There certainly is nothing wrong with a little redundancy in raingear.Apr 27, 2011 at 11:55 am #1730148
For a 2-4 day trip with the forecast not showing significant rain, and moderate temperatures you'll be fine. I've been using a Montane Lite-Speed (similar protection) on backpacking trips for protection against short thunderstorms, as well as a constant ~all-day light rain in temps around 45+ degrees. I get a little chilled, but as long as I keep a good pace, I'm fine.
The most important thing is protecting yourself from the winds to preserve your micro-climate. If you don't mind getting wet, a good hooded windshirt can work. However, if your insulative layer is down, long rest stops become complicated. I rarely stop to rest for much longer than 2-3 minutes, especially in rain, so I don't use my down jacket until I set up shelter for the night.
When you get into longer trips, then weather variability (temperature and rain intensity/duration) makes this less reliable. My experiences indicate that it won't work well for rain in cold temperatures, nor will it work well for a real storm.
Note that you'll have to learn how to read weather forecast models (or know someone that can), as typical forecasts are completely useless out here. A 30% chance of rain can equally mean a 95% chance of mid-day thunderstorm, or a 30% chance of significant storming all day. You'll be fine with a windshirt if the former, whereas, with the later, you'll definitely want to bring a real rain jacket.
I suppose you could do a longer trip without a rain jacket, but you may have to ride out longer duration storms under your selter if you start to get too cold. However, the weight you save would be completely negated by the extra emergency food.Apr 27, 2011 at 12:45 pm #1730167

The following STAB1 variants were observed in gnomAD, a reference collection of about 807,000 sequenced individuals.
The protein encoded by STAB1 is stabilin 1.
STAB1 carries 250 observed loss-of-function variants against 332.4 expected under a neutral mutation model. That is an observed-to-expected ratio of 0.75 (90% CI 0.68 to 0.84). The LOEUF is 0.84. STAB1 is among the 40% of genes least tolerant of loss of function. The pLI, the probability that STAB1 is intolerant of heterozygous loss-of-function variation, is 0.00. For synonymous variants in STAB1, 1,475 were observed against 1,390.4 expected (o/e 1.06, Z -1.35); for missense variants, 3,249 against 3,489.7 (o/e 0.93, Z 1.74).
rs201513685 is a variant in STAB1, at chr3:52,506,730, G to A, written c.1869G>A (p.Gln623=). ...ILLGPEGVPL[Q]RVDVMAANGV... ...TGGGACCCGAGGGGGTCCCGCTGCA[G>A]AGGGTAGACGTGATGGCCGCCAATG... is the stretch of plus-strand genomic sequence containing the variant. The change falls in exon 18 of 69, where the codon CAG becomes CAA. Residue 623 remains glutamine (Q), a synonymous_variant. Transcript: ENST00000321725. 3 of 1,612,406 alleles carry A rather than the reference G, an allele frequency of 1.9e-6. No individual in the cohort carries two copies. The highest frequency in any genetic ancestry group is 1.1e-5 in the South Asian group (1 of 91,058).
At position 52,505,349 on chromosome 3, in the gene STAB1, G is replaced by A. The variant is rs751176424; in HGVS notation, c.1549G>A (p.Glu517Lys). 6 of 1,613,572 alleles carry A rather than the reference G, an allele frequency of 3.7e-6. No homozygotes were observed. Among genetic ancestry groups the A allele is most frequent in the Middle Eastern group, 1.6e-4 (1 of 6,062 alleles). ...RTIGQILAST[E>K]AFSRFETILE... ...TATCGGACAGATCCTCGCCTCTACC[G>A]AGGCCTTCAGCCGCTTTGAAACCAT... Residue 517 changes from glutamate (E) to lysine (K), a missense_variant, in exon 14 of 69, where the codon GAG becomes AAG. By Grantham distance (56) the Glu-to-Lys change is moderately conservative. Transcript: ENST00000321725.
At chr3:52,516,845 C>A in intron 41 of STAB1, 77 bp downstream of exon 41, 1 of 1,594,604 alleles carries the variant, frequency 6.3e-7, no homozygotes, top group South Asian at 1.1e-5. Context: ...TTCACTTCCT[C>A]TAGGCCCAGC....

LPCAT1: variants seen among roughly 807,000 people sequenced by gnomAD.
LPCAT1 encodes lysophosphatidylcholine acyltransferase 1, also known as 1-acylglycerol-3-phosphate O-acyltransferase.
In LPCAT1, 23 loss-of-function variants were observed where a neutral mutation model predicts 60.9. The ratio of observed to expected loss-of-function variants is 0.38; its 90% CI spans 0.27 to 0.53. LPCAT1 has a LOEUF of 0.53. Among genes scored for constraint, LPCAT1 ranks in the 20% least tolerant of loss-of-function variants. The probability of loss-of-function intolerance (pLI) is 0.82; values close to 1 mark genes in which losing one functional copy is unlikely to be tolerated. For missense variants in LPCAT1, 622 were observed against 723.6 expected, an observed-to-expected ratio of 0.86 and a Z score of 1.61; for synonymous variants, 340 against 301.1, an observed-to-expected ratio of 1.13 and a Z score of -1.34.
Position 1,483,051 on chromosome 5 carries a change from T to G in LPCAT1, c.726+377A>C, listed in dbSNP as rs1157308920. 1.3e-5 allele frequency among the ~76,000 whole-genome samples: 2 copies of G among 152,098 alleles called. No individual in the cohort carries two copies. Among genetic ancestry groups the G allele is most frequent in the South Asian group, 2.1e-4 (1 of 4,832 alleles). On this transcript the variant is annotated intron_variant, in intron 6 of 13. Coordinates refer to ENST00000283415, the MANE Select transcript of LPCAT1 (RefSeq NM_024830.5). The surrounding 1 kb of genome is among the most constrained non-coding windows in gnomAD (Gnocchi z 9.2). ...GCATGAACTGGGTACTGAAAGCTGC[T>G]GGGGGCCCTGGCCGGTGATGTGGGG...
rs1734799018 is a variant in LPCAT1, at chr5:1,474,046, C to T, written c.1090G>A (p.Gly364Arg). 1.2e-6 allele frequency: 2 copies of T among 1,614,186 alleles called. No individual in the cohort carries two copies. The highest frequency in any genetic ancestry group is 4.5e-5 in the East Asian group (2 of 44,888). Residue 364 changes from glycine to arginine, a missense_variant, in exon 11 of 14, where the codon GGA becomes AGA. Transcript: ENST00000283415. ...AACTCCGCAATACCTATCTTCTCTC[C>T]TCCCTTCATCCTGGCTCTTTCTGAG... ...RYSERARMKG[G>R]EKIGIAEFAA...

for anything more than a light drizzle … bring a rain jacket/poncho
as others have mentioned dri ducks are light and cheap, or one of those el cheapo ponchos
or you could get an UL rain jacket in the 6-7 oz range
once a DWR wets out in significant rain and low temps …. you risk becoming a hypothermia SAR statistic …Apr 28, 2011 at 6:38 am #1730426
lots of good comments here, and I'll just echo that caution about wind in the high country where a more robust shell can really make a difference, and the fact that there are lots of lightweight waterproof jackets out there to choose from.
I love my houdini, but it stays in my small daypack for mtn biking and trail runs, anything more (or if conditions look sketchy) I definitely take something more robust. It would be much better than nothing in a summer afternoon storm, but it seems like a suboptimal choice of gear to me for backpacking in CO.